The muse lifts one up to heaven and upon leaving suffers the artist to the fates of stark gravity. Indeed, the muse is one holy, abusive bitch of agonizing delights – any artist shall tell you. Even writing of her now causes me brief heart palpitations of vague superstition. It is as if she will hear my curses and grievances and out of a cruel and casual spite, totally abandon!


Mobile Information

I love to pick up a book of history, science, or art and eagerly consume its pages until my brain begins to feel overfed and lethargic. An evening of learning for me is very much akin to the enjoyment of a large meal.

I like to brain-bathe in the information. I like to swim around in it. Soak in it, relax in it. The goal from there on, is to bring some of this information with me wherever I go, like a traveler’s hefty suitcase. This mobile store of information is what we tend to call, one’s knowledge.

The key, of course, to maintaining one’s knowledge, to keeping it up to date, is to utilize it throughout daily life as much as possible. Otherwise, one is apt to forget his or her learned facts. This is a simple case of cliché: “If you don’t use it, you lose it.

Whenever we are going about the daily routine, or are idle, waiting in line, driving our cars, riding in an airplane, etc., we must consistently work to compare our learning with our external environment. This is to say, we must work to externalize our internalities and observe if they sync up with each other. If they do not sync, it’s likely our thinking about a given subject is faulty.


The Multi-Universe of the Written Word

The Multi-Universe of the Written Word

The ability to read is among the most beautiful and abundant gifts of human life. Each book can be seen as a miniature universe unto itself, and the library as a collective multi-universe. Authors are mini-gods, popping in and out of existence all the time, gifting us with their creations. Our minds and imaginations are versatile spaceships, intricately connected with two seeing eyes which serve as the perfect coordinate communicators.

Each letter is an atom, each word a molecule, each sentence a planet, each paragraph a star. From page to page, from cover to cover, the open mind and hungry heart yearn for those miniature Gods to deliver us some beauty, some insight, some fantasy, or even just some plain amusement.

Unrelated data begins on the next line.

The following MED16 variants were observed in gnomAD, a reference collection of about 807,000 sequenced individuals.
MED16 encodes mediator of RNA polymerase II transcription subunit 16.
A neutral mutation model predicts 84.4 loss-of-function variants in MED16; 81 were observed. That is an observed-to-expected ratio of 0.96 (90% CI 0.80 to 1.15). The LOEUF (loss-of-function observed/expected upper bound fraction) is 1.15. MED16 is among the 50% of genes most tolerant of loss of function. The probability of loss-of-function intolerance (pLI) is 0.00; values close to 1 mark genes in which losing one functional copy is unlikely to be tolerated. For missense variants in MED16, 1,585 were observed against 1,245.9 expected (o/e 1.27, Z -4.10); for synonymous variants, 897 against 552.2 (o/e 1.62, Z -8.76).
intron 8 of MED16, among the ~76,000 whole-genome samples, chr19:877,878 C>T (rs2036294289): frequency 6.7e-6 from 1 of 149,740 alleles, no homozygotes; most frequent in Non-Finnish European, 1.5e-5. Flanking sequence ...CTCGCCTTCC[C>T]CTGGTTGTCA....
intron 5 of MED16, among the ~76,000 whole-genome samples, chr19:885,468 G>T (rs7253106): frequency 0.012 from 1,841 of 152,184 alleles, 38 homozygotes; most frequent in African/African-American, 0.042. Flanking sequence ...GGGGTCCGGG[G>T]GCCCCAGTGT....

Whenever I see a child nestled in a cozy corner, oblivious to his external environment, lost in the little universe of his book, smiling bemused, there is inevitably a glow stirred within my heart. It reminds me to think back to those quiet, undisturbed summer days, sitting beneath a tree in my backyard, reading a paperback, and feeling happy as the sun shone down through the leaves, scattering light between shadows upon the pages of my book. True peace, true happiness, is often just as simple, just as easy as getting lost in a well-crafted, enticing story created by the adoring mind of an author, whom was merely trying to write the truth of his mini-universe as well as he possibly could.

So remember, the next time you pay your library fines (if you have any) or donate to your local public library, you are effectively funding an expanding, undulating multi-universe of human ingenuity, legend, and happiness.


A Few Aphorisms…

A neglected soul shall fly only by tattered feathers upon shattered wings. Some will say this is not flying at all.

Interests may change, but one will always return to what one loves.

Whenever someone creates something out of the fabric and goodness of one’s soul — a book, a poem, a painting, a sculpture, etc. — I want to applause.

With the tools of the mind, plying the materials of chaos, the artists constructs therefrom a cosmos.

I must be approaching death. How does a man as inept as myself hope to survive the ravages of daily life combined with an utter lack of common sense?